No on Attempt #6/Measure EE
Seriously? We are having to fight this battle yet again? There have been five failed attempts since 1978 to build a high school on the unpopular Gird Road site in Fallbrook’s Gird Valley. Why is Bonsall Unified School District (BUSD) ignoring the voters and trying to pass Measure EE, Attempt #6?
When it was owned by Fallbrook Union High School District (FUHSD), the site on Gird Road was declared unsuitable for a high school and declared surplus (2011), was to be sold. Then FUHSD paid $2 million in cash, and offloaded the Great Gird Money Pit to Bonsall Unified School District (BUSD) after it expanded (unified) to include high school programs (2012 Measure BB, primarily funded by Lilac Hills Ranch-related interests). At that time, BUSD said it could accommodate 500 to 600 high school students without building anything.
BUSD then borrowed and built a brand new state-of-the-art high school with ten classrooms, a two-story high communal space that takes up half the building, administrative offices for the Principal plus two high school quality labs. It opened its doors to great fanfare in the Fall of 2016. Here it is:
BUSD’s 2018 high school graduating class was a whopping 57 students and yet BUSD insists it needs to build another high school and taxpayers should take on debt to do so. Measure EE is for $38M (double that for interest over 30 years or so) for Phase I of III.
BUSD’s projections are overstated. Noting that there are currently 7,798 housing units (CalMuni) in BUSD, generating 344 high school students in the Fall of 2018, an increase of 10% or 20% in the housing stock (780 or 1,560 units) should generate an additional 34 or 68 high school students, clearly not enough to support a high school for 1,500, not even enough for a high school of 500!
BUSD has been deficit spending for over seven years and its reserves are dangerously low. Therefore, understanding these numbers is crucial for the securing the health of the District.
District wide, BUSD has 2,547 students enrolled but students on campus daily (average daily attendance, ADA) is just 2,240 students. Taxpayers have built 124 classrooms (30 are portables). Using simple math, at 25 students per classroom, that’s enough room for 3,100 students. At a comfortable 27 students per classroom, that’s room for 3,348 students. At a contracted maximum of 32 students per classroom, that takes us to 3,968.
According to state enrollment projections, “declining birth rates and lower in-migration rates will send school enrollment on a continuous decline” as of 2021. Add in the fact that there are dozens of high schools (public and private) ringing BUSD, plus online learning options, and the key question becomes: are we overbuilt? Is brick and mortar learning a good investment for the District’s taxpayers?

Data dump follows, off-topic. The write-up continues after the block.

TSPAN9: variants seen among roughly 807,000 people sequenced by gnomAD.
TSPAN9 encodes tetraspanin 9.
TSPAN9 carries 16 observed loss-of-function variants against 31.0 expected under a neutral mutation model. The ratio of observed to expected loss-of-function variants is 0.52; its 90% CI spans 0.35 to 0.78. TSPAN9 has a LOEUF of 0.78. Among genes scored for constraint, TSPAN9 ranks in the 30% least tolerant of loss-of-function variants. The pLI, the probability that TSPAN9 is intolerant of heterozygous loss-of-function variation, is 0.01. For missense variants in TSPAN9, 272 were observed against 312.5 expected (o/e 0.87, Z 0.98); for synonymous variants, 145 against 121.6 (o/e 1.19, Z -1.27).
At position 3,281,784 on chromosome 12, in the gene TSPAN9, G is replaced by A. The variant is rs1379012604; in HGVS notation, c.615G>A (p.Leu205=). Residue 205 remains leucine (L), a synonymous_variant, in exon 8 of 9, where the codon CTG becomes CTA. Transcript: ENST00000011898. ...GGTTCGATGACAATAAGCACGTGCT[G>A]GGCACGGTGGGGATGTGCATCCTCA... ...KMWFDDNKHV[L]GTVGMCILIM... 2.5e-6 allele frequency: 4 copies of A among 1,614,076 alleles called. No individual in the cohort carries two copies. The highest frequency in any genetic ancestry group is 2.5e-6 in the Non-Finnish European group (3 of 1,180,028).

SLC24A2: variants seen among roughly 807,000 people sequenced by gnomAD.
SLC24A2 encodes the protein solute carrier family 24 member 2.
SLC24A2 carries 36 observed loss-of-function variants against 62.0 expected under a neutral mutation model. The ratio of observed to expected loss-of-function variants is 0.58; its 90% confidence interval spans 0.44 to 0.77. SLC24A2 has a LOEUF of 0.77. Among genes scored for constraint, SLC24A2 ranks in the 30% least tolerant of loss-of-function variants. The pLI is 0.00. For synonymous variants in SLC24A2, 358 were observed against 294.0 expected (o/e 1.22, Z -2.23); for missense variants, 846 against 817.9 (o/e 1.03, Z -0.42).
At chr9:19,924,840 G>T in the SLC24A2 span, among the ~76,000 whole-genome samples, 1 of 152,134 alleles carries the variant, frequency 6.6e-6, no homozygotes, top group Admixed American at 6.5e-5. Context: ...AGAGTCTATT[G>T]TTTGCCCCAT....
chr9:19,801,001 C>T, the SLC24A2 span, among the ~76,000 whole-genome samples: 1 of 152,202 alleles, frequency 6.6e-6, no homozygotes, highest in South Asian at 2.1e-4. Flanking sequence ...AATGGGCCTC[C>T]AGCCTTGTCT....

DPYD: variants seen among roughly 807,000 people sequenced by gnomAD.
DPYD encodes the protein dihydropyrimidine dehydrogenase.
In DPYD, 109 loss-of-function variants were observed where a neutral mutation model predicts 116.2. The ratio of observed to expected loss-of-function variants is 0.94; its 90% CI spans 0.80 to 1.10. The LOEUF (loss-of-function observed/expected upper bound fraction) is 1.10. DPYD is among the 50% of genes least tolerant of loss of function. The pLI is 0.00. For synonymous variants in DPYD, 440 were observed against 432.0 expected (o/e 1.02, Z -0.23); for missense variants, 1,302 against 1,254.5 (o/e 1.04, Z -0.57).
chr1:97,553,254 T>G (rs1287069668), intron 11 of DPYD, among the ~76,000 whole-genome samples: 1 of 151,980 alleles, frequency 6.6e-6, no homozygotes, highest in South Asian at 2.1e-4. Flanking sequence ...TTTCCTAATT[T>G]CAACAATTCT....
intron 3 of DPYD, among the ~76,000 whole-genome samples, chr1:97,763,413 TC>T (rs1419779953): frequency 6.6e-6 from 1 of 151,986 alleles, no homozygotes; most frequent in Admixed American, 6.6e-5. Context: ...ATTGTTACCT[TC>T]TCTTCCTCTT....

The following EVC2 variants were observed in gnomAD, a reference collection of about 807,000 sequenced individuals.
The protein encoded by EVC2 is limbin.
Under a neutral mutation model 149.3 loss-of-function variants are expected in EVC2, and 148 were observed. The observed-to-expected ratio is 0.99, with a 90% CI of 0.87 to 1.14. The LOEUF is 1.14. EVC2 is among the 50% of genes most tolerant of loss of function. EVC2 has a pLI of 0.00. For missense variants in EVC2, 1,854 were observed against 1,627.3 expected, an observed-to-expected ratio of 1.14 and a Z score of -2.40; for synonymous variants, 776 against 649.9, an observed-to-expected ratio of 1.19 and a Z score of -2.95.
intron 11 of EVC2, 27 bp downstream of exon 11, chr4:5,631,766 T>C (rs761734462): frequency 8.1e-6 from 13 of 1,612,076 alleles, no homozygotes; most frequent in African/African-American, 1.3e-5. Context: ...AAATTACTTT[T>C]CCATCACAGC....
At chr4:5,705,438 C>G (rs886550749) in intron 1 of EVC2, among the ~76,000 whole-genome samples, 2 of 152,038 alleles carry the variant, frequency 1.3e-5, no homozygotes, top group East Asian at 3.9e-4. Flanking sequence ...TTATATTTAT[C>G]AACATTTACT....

Before the paint was dry on its brand new high school in 2016, BUSD introduced a $58M bond, Measure DD, to build a huge 150,000 sq. ft. high school for 1,500 with a performing arts center and 200,000 sq. ft. of parking, to be inconveniently located in Fallbrook’s Gird Valley? This would be the largest development ever in Fallbrook and certainly in Fallbrook’s 4-mile-long Gird Valley, an historical agricultural valley.
The locals in Bonsall and Fallbrook revolted. Those living in the southern edge of the District and to the west in Oceanside (BUSD runs from Oceanside to Pala, 88 sq. miles) asked themselves the logical question: Should I vote to tax myself for 30+ years for a high we’ll never use? Thousands voted NO! Again. Attempt #5 to build a high school in Fallbrook’s Gird Valley, was toast.
During its unification process, BUSD said it could support 500 to 600 students on its existing campus in Bonsall without building anything. That was before it built a brand new high school (opened 2016). The State and County recommended BUSD sell the Gird Road property and build in the core of Bonsall. The Fallbrook Community Planning Group also weighed in on the fact that the proposed site, located just 1.1 miles from the northern edge of the District, stating the site was not centrally located as a high school should be. [See CEQA/EIR documents.]
So here we are, facing November 2018 and Attempt #6, Measure EE for $38M!
The Bonsall Unified School Board (BUSD) is saying, let the people vote. The people have voted. They have voted five times and said NO! So why is a school board ignoring the will of the people with yet another election? Might it have something to do with mega developers who see General Obligation Bonds (debt on all the property in the District) as a way to dodge paying for a key amenity (a shiny new school for 1,500 students) they can offer expensive home buyers? Maybe. Beyond the negatives of open space and agricultural land lost to such unpopular schemes, there are strong ties, including funding for ballot measures, between BUSD and mega developer Lilac Hills Ranch.